Convenience Stores Use Rewards to Drive Restaurant, Grocery and Fuel Sales

As convenience stores seek to gain share from both restaurants and grocery stores, offering prepared meals and packaged essentials, one of the best tools at their disposal is the loyalty program. Convenience stores are in the unique spot of offering rewards that span consumers’ routines, not only in terms of meeting their needs in multiple food and beverage categories, but also in incentivizing fuel purchases and other kinds of retail sales.

See also: Convenience Stores Seek Sweet Spot Between Restaurants and On-Demand Grocers

For example, 7-Eleven, the world’s largest convenience store chain, is looking to its loyalty offerings as a key driver of profit margin growth in the United States going forward, according to a presentation last month by the chain’s parent company, Seven & I Holdings, discussing first-quarter financial year 2022 earnings results. The company’s U.S. rewards app, 7Rewards, provides access to points that can be redeemed for store credit as well as offering fuel discounts and other exclusive deals.

The company has been building out its offerings for loyalty program members. At the start of this year, the retailer announced the launch of its 7NOW Gold Pass subscription offering free delivery, among other benefits, at $5.95 per month, incentivizing frequent ordering through the company’s app. Earlier this month, it was reported that the retailer acquired white-label on-demand delivery provider Skipcart.

Related news: 7-Eleven Launches Subscription to Make Delivery Economics Work in All Parties’ Favor

Cumberland Farms’ parent company EG Group, meanwhile, has its SmartPay Rewards program, which it offers in the United States across its convenience store brands, promising lower-priced gas, quicker checkout, buy-10-get-one-free deals, fuel rewards and more. At the end of last year, the company announced that it had sold $4 billion in fuel since the program’s launch at the start of 2013.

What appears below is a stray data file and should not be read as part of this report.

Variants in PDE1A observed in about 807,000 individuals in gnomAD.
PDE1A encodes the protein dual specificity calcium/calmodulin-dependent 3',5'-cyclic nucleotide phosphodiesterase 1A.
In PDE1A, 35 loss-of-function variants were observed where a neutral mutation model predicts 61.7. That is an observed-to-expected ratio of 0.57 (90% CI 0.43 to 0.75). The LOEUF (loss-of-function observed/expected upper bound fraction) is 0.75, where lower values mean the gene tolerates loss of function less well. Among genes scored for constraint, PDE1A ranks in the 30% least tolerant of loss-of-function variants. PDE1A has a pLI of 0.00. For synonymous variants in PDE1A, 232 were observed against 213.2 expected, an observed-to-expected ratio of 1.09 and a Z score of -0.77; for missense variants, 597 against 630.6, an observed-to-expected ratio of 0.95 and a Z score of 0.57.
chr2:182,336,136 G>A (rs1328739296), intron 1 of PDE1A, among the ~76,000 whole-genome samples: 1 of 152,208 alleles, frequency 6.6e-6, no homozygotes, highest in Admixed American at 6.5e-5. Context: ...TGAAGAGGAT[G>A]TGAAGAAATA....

“Since launching SmartPay, we have saved our customers almost $200 million on gas, and enrollments have increased significantly as we launched the program in all of the other banners this past year,” George Fournier, president of EG America, said in a statement at the time.

Additionally, with stores’ reliance on consumers’ gas station spending, convenience retail giant Couche-Tard, which has more than 14,000 stores across 24 countries (around 10,700 of which offer fuel) spoke to the urgency of rolling out rewards offerings as gas prices skyrocket.

“It’s up to us to make sure that one we are providing the right value, the right experience,” Alimentation Couche-Tard President and CEO Brian Hannasch told analysts on an earnings call in June, “but also with some urgency getting our loyalty products and payment programs in place and making sure that we engage those customers.”

Yet, when it comes to gaining share from restaurants and grocers, convenience stores have some catching up to do, as Art Sebastian, vice president of digital experiences at Casey’s, the third-largest convenience store retailer in the United States, told PYMNTS in an interview earlier this summer.

“The c-store loyalty space is still generally new in the industry, and the ones that will tell you ‘Well, we’ve had it for a while,’ they’re kind of nascent,” Sebastian said. “Like, hey, there’s coupons and maybe a couple nascent ways to save. So, I think it’s still kind of new. But what I would challenge the industry to do is think about how to … make sure you’re doing something different to have your program stand out.”

Read more: Racing to Digitize, Convenience Stores Playing Game of Loyalty Catch-Up